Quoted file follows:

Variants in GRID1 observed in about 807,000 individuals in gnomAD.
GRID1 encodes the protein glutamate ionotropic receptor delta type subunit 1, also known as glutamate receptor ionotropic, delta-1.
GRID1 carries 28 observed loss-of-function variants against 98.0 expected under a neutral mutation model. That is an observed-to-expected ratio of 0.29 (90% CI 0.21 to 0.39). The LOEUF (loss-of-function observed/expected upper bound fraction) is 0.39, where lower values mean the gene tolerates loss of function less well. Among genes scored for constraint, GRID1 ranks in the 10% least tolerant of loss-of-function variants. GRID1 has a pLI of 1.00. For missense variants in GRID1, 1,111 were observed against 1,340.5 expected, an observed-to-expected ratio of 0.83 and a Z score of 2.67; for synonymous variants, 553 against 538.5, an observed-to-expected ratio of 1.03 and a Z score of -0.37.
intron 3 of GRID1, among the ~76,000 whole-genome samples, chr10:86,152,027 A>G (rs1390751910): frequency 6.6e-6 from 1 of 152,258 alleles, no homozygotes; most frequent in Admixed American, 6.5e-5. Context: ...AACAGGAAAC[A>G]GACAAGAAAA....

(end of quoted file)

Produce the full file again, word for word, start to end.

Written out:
Variants in GRID1 observed in about 807,000 individuals in gnomAD.
GRID1 encodes the protein glutamate ionotropic receptor delta type subunit 1, also known as glutamate receptor ionotropic, delta-1.
GRID1 carries 28 observed loss-of-function variants against 98.0 expected under a neutral mutation model. That is an observed-to-expected ratio of 0.29 (90% CI 0.21 to 0.39). The LOEUF (loss-of-function observed/expected upper bound fraction) is 0.39, where lower values mean the gene tolerates loss of function less well. Among genes scored for constraint, GRID1 ranks in the 10% least tolerant of loss-of-function variants. GRID1 has a pLI of 1.00. For missense variants in GRID1, 1,111 were observed against 1,340.5 expected, an observed-to-expected ratio of 0.83 and a Z score of 2.67; for synonymous variants, 553 against 538.5, an observed-to-expected ratio of 1.03 and a Z score of -0.37.
intron 3 of GRID1, among the ~76,000 whole-genome samples, chr10:86,152,027 A>G (rs1390751910): frequency 6.6e-6 from 1 of 152,258 alleles, no homozygotes; most frequent in Admixed American, 6.5e-5. Context: ...AACAGGAAAC[A>G]GACAAGAAAA....